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There was an expectation of huge television numbers for the first of three debates between President Donald Trump and Democratic candidate, former VP Joe Biden. And yet, it was not expected that the debate would sway many voters.
According to TVLine, “Tuesday night’s first presidential debate of 2020 amassed about 29 million total viewers across ABC (which accounted for the largest broadcast crowd, with 11 mil), NBC (8 mil), CBS (5.3 mil) and Fox (4.5 mil), according to Nielsen fast nationals. Back in 2016, the four broadcast networks combined for 42.7 million total viewers when Trump debated Clinton for a first time. That face-off went on to report 84 million total viewers across broadcast and cable networks, besting the record that was set by Jimmy Carter and Ronald Reagan’s Oct. 28, 1980 debate (which drew 81 mil).”
While the television numbers were huge to begin with, many people bowed out of the debate after 30 minutes, with drop-jawed reaction at the decorum, or lack thereof, between the candidates and Chris Wallace, the struggling moderator.
It is estimated that only 6-10% of people remain undecided in who to vote for for President, according to an NBC poll. An exit story after the debate rendered comments indicating that there was more negative feeling about Trump, but not a positive feeling for Biden. To those who could go either way, comments like this one, from an NPR poll, show the confusion of the American voter – and hopefully not the apathy that would result in not voting: “I would be wrong to make a decision based on one performance and a couple of soundbites. I don’t think that would be very fair. But they would have to do a lot at this point to change my mind.”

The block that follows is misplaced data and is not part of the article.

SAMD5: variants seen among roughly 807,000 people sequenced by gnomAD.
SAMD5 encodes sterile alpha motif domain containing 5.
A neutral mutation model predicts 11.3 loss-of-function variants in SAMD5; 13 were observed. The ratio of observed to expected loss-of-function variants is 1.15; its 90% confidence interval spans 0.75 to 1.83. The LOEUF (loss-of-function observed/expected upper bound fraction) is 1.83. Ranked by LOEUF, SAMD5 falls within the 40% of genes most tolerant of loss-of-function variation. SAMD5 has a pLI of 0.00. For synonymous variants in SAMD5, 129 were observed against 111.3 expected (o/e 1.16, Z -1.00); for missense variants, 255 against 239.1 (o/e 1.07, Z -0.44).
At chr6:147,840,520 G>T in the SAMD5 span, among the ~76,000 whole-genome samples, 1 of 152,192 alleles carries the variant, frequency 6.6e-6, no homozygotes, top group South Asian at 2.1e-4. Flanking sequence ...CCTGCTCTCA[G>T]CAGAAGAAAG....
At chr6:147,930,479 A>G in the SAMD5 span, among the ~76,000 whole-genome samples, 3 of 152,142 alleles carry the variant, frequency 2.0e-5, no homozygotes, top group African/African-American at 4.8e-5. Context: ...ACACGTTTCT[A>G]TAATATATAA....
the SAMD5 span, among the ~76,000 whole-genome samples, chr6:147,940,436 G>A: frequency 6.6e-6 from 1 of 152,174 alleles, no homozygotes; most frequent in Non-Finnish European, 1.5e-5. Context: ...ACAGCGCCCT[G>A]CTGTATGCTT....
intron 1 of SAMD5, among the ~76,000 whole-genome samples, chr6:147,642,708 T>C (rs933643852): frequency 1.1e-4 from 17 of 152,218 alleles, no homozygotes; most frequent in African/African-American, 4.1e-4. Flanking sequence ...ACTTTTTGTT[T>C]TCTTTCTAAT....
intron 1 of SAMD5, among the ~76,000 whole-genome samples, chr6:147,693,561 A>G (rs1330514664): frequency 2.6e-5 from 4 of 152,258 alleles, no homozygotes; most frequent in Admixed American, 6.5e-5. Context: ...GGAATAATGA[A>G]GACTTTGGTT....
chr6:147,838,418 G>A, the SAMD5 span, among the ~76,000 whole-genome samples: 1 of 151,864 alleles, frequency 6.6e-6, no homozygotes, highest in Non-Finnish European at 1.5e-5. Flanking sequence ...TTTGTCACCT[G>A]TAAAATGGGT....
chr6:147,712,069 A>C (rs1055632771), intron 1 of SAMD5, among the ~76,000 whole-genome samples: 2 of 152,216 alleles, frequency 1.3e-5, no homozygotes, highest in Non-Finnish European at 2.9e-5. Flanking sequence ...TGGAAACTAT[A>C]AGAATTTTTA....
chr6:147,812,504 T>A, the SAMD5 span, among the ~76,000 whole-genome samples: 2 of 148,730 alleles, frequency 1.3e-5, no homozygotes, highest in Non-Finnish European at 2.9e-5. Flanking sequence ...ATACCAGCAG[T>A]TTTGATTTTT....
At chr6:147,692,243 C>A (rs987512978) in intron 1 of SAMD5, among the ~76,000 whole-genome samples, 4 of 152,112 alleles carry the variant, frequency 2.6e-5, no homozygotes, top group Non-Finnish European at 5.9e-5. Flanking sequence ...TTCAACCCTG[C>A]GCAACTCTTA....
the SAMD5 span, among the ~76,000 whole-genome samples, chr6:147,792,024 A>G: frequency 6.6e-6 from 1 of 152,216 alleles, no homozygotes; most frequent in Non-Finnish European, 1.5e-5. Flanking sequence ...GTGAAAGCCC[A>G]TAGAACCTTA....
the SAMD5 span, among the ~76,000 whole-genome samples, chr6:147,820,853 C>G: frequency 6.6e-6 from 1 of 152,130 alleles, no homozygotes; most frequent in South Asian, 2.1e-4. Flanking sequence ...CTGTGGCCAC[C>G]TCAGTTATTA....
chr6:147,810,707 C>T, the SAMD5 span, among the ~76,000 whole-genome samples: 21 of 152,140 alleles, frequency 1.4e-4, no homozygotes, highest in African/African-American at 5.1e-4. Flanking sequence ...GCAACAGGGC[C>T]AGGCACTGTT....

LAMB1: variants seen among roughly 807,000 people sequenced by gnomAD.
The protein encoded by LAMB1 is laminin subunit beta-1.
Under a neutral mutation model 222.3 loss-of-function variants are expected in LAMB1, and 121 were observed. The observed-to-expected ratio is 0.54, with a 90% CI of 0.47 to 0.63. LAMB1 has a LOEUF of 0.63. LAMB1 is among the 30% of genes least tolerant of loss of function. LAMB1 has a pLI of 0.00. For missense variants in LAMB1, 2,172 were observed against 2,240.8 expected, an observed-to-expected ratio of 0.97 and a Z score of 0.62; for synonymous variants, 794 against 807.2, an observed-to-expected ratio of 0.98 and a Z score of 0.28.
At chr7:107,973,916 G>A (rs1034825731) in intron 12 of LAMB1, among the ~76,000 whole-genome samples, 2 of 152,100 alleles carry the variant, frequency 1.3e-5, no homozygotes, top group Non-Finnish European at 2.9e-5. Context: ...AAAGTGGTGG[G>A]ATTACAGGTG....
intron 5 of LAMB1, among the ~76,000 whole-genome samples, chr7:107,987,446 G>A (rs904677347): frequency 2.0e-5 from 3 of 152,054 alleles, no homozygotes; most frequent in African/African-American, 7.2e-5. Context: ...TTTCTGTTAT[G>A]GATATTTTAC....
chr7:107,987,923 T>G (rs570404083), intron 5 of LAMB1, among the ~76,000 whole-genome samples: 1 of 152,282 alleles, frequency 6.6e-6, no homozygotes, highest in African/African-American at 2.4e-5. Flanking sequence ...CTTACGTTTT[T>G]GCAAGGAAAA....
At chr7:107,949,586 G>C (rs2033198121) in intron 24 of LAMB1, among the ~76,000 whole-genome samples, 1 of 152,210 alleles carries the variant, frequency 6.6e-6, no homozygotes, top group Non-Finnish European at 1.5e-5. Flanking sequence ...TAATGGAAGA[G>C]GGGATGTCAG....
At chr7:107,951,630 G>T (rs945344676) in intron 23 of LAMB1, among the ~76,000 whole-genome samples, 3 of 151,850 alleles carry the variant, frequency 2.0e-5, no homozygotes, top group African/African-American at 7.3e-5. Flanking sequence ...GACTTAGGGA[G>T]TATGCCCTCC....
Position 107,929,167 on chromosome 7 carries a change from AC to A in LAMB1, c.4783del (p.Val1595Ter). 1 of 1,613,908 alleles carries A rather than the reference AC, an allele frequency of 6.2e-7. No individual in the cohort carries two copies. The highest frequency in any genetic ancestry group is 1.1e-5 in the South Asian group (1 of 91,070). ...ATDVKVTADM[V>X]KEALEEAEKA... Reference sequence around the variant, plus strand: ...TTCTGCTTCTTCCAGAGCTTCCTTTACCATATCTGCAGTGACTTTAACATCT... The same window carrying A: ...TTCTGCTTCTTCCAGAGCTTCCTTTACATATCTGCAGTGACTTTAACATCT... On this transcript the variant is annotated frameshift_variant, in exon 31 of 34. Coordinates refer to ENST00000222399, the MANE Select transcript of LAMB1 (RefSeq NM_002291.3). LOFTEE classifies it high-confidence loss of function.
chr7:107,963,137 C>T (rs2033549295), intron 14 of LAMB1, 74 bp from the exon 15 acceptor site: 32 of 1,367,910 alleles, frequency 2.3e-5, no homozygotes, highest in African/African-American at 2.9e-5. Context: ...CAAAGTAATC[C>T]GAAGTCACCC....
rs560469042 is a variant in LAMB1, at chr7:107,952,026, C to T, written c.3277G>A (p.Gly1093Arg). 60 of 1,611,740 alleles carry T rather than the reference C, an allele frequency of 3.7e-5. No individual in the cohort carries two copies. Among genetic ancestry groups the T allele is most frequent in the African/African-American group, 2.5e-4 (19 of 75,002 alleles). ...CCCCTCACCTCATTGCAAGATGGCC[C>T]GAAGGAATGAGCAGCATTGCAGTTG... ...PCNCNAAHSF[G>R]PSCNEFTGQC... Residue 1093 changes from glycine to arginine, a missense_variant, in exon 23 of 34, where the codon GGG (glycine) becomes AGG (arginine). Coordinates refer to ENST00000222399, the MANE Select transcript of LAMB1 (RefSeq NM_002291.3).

But, if polls are accurately measuring, those who are called “the base” on both sides were not swayed to leave their candidate for the other and the debate did little to help the undecided to decide. Perhaps a true indicator of the final election totals, 50% declared one side the victor, 50% declared the other side. Or close to those numbers.
Candidate Biden was up early to catch his Train tour back to Delaware, doing mini-speeches at the stops along the way – often to a group of staff and supporters numbering less than 100, with loyal media in tow.
Each candidate declared victory.
President Trump, known for his early-morning tweets was silent until about 9am. He will be addressing a large rally in Minnesota tonight. In speaking to the media before he left he addressed the 100K incorrect mail ballots found in New York and his concerns about voting.
Early in the afternoon, the Commission on Presidential Debates released this statement:
The Commission on Presidential Debates sponsors televised debates for the benefit of the American electorate. Last night’s debate made clear that additional structure should be added to the format of the remaining debates to ensure a more orderly discussion of the issues. The CPD will be carefully considering the changes that it will adopt and will announce those measures shortly. The Commission is grateful to Chris Wallace for the professionalism and skill he brought to last night’s debate and intends to ensure that additional tools to maintain order are in place for the remaining debates.
If you missed the 90-minute debate you can watch it, here:
The next Debates scheduled are:
Vice presidential debate, University of Utah, Salt Lake City, Utah
2nd presidential debate, Adrienne Arsht Center for the Performing Performing Arts, Miami, FL
3rd presidential debate, Belmont University, Nashville
Joe Biden is the Democratic Candidate
See paragraph one you have him identified as the Republican
Many thanks for the catch – edit has been made.